Mexican Tycoon’s Collection Breaks Record For Latin American Art Sale

The art collection of the late Mexican tycoon Lorenzo Zambrano was auctioned at Sotheby’s New York earlier in the week; the over-all result of which broke records for a Latin American art sale . “A Vision of Grandeur: Masterworks from the Collection of Lorenzo H. Zambrano” fetched $17.6 million or £11.1 million, breaking the record for a single owner sale of Latin American art.

Two other works by Leonora Carrington and Remedios Varo, were the most expensive works were by two key female artists of the Latin American avant-garde: both of which achieved new records. The Temptation of St. Anthony (1945), by the UK-born Mexican-naturalized Carrington, sold for $2.6 million or £1.6 million, with a presale estimate $1.8 to 2.2 million, or £1.1 to £1.3 million.

Hacia la Torre (1960) by the Spanish-born Mexican-naturalised Varo sold for $4.3 million or £2.7 million against a presale estimate of $2.5 to $3.5 million, or £1.5 to £2.2 million. El País reported that Varo’s painting had become the second most expensive artwork by a female Latin American artist ever sold at auction; after the most expensive, Frida Kahlo’s ‘Roots’ 1943, sold for $5.6 million or £3.5 million in 2006 at Sotheby’s New York.

But 6 works that were under the hammer failed to sell, with only 34 out of 40 lots sold. Diego Rivera’s monumental mural Río Juchitán (1950-57) failed to be bought at the auction. The highest bid for the work was a mere $4.9 million, or £3.1 million – well under the piece’s $6 million, or £3.8 million presale estimate. Rufino Tamayo’s Naturaleza Muerta (1935) also stayed failed to find a buyer with bidding stopping at $2.4 million, or £1.5 million.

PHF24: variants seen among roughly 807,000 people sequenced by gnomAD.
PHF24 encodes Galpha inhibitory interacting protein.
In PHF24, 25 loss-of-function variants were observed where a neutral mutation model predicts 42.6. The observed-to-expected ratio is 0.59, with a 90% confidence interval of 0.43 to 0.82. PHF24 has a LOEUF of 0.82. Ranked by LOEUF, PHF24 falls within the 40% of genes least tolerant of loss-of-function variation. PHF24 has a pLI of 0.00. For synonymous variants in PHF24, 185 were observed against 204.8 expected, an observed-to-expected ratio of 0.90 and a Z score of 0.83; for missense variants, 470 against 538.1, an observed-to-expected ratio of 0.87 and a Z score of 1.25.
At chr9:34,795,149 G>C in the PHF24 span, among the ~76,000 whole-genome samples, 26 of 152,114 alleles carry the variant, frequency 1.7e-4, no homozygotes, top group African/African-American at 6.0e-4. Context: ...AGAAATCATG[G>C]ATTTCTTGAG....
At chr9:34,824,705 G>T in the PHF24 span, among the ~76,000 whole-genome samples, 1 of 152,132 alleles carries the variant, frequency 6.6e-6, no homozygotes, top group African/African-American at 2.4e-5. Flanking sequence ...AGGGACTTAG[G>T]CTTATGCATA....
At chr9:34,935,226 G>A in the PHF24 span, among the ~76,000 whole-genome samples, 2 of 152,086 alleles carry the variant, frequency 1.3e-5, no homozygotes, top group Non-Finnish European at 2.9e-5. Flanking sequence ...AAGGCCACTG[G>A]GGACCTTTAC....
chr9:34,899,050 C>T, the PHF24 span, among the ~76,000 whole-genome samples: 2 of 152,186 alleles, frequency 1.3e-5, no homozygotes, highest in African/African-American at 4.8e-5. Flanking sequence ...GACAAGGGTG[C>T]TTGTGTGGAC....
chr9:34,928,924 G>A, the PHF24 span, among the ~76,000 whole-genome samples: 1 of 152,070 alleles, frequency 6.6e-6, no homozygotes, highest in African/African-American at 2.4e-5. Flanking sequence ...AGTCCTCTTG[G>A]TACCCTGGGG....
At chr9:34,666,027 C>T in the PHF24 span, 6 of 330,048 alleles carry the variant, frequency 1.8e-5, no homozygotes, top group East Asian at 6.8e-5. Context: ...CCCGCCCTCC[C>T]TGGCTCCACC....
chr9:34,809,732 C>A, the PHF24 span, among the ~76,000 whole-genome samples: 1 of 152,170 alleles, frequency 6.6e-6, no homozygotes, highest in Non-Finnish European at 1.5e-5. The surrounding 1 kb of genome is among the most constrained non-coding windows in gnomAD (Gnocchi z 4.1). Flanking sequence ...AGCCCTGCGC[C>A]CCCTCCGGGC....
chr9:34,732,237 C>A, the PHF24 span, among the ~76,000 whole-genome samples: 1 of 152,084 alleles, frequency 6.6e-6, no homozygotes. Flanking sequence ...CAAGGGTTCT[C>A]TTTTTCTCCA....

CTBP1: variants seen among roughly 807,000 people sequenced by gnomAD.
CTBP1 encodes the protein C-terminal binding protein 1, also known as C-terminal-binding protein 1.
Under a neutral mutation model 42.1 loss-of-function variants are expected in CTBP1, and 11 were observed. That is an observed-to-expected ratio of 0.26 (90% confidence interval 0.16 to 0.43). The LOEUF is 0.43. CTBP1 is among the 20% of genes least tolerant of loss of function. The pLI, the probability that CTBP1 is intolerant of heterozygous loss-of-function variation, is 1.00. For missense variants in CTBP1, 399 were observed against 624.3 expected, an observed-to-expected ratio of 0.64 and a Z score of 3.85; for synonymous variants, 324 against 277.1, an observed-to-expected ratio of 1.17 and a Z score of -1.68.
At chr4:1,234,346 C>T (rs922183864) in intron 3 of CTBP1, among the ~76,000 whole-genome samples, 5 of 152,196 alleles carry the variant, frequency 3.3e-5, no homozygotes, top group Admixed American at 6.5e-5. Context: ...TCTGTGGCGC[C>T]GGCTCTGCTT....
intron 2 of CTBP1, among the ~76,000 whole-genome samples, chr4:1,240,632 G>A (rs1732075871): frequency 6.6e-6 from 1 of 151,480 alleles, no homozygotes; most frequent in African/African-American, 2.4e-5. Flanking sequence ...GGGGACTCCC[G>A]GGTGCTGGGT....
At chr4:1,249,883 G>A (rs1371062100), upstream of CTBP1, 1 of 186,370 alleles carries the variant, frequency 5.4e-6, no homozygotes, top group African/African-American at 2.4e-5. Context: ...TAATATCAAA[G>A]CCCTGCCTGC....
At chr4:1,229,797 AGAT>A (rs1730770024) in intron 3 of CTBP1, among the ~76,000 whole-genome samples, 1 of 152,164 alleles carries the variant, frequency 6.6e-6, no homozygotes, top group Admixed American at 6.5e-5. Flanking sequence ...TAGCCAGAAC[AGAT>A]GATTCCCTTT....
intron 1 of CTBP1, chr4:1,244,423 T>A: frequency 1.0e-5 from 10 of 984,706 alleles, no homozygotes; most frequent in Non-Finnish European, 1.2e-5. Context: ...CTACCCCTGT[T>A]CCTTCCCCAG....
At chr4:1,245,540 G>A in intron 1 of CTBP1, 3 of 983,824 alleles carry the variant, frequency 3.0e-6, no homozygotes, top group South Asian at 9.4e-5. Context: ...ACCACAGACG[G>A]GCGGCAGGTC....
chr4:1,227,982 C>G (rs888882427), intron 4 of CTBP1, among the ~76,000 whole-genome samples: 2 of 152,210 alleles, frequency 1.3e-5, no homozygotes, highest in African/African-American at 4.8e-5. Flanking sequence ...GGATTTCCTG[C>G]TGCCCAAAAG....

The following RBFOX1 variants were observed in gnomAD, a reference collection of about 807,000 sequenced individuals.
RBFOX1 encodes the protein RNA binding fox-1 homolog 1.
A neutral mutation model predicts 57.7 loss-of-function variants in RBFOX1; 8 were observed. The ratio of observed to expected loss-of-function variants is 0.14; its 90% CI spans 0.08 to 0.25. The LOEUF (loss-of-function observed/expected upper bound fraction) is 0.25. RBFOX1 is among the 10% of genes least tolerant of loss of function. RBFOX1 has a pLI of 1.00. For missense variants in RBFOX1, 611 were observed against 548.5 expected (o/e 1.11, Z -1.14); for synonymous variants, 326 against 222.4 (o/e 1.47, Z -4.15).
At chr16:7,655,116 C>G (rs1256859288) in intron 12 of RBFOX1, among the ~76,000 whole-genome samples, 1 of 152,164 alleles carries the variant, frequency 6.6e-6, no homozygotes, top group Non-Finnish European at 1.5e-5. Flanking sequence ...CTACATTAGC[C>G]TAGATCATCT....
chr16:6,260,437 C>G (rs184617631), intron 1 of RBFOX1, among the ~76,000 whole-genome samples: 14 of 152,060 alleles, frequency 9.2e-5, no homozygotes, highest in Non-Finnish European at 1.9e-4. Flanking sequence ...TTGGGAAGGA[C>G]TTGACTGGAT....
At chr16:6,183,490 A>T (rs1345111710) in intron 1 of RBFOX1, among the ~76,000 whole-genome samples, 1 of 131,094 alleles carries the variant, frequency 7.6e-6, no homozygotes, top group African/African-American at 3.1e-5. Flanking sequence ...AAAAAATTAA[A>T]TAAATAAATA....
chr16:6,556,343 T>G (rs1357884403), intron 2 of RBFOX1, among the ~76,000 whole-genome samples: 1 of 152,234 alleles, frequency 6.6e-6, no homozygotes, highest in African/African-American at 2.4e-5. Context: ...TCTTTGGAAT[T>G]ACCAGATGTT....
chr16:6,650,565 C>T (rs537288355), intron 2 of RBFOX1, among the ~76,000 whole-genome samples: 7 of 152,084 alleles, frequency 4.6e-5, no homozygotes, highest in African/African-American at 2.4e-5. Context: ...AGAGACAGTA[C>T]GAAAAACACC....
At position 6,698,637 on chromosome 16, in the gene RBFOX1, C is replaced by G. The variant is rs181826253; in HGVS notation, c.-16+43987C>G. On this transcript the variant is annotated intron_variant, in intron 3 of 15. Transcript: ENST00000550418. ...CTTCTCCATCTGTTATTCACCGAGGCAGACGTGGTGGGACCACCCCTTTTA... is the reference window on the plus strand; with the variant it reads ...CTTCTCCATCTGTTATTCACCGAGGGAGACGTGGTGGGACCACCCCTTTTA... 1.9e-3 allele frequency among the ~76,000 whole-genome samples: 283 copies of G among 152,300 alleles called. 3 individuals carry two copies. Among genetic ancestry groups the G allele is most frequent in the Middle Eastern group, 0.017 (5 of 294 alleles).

The failure to sell these two key works was largely responsible for the total reaching $17.6 million, or £11.1 million just over half its $30 million, £19 million presale estimate.

“I feel very satisfied, given the current circumstances, it’s been a good sale. And I am positive that the Rivera mural will be sold in due course. The problem was its large size, too big for the clients we had last night,” Axel Stein, Sotheby’s head of department of Latin American Art and senior vice president, told El País.

The majority of art was purchased by collectors from the US, Mexico, Canada, UK, Venezuela, and Colombia. According to El País, some works by the likes of Diego Rivera, David Alfaro Siqueiros, and José Clemente Orozco, are considered Mexican national heritage, so, in keeping with the country’s regulations, they had to be sold to Mexico-based collectors.

The business tycoon Lorenzo Zambrano was the president of Cemex, one of the largest concrete companies in the world. He died of heart attack last May, during a business trip in Madrid. The concrete tycoon had amassed a major 20th century Latin American art collection. The proceeds of which will go to Zambrano’s next of kin as he leaves no children, or a wife.

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